I just try and tell a pub story of a bloke who sets out to do something that everyone else thought was impossible. It’s about self-belief and about all the lessons I learned along the way. I’ve made tons of mistakes, but the one main thing I’ve taken out of the whole experience is live in the present. When we are “in our heads” we are constantly thinking about what might happen, or holding on to painful stories of what someone did to us. So, the best way to live a good life is to be the ever-present watcher of my thoughts and emotions... When I’m present (and I meditate daily) I have a further degree of choice- I’m less reactive and less judgmental too. I find it sets you free, no filters, no limitations. It’s liberating and a very decent way of living.
What advice would you give to any aspiring explorers?
Often, people can tell you that you can’t do something. Ignore them, prove them wrong. Only you know whether you can do something, and whether you think you can or you can’t, you’ll be right either way.
You and Bear Grylls are marooned on a desert island – who survives the longest?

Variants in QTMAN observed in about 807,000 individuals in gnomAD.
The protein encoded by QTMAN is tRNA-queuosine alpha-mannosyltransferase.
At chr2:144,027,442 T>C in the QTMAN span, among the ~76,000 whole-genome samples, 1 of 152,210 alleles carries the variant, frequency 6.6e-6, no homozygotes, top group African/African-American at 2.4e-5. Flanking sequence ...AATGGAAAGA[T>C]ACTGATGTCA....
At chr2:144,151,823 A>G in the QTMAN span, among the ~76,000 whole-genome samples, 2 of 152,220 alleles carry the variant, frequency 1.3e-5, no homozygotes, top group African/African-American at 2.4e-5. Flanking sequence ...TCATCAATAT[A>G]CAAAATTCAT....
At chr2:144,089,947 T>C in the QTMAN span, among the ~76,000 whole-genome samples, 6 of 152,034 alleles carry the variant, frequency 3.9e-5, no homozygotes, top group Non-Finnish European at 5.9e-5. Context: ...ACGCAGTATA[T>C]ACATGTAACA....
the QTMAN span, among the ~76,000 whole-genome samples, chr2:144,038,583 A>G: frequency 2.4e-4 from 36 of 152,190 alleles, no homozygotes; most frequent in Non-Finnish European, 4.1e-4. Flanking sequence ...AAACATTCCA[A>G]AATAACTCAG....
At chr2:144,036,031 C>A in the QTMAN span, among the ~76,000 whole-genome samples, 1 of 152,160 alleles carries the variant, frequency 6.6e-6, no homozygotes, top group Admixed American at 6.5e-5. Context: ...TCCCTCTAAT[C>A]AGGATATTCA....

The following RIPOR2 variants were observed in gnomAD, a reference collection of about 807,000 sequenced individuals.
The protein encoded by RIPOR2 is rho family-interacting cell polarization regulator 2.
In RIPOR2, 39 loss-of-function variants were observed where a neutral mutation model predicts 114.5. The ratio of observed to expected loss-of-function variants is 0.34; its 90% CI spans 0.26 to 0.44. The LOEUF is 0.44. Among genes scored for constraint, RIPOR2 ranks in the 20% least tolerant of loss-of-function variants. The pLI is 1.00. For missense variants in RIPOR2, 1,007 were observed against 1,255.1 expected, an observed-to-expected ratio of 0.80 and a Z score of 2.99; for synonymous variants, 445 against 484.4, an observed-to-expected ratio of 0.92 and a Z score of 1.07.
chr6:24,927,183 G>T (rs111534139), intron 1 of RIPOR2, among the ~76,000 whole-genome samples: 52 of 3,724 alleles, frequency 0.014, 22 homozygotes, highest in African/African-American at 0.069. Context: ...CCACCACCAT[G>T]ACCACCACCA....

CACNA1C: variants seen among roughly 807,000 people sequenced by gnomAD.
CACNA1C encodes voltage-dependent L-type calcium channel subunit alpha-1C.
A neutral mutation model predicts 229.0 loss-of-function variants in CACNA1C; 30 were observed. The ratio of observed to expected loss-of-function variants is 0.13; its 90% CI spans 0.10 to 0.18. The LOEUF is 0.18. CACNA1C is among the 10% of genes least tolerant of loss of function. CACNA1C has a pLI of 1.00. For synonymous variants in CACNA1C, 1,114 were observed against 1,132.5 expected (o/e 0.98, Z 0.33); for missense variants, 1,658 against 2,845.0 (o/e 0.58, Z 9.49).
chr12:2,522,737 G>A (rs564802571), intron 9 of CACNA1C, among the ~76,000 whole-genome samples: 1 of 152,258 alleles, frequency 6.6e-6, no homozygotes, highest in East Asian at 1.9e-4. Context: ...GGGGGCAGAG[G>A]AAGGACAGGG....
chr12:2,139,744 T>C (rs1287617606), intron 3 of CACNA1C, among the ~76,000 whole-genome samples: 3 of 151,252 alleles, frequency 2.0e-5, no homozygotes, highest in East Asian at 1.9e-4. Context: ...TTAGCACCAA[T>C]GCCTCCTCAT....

Hmm, that’s a tough one. I would obviously back myself though…
If you could go adventuring with any explorer, past or present, who would you choose and why?
Tim Peake. Present. Because he’s a lovely chap and he could give me access to space. I met Tim about four years ago at Buckingham Palace and I asked him what he did. He told me and I asked him if he’s ever actually been to space. When he replied that he hadn’t I said, “Well you’re not an astronaut then are you!” We met again last month and the first thing he said to me was, “I’m an astronaut now, Ed.” I like him - he’s cool and what he’s achieved is phenomenal.
What are your ambitions for the future?
Fatherhood and beyond. Laura and I are due in June and we’ve found out it's a boy so I have my first son on the way. Obviously the TV adventuring continues too and I have a new series to film in the first half of the year. I love being busy so the next few months are very exciting.
Is there any item of gear or kit you can’t go without?
No – it’s the reason the series (Naked and Marooned with Ed Stafford) was originally done naked, to really show that I was stripped over everything; clothes, gear and kit.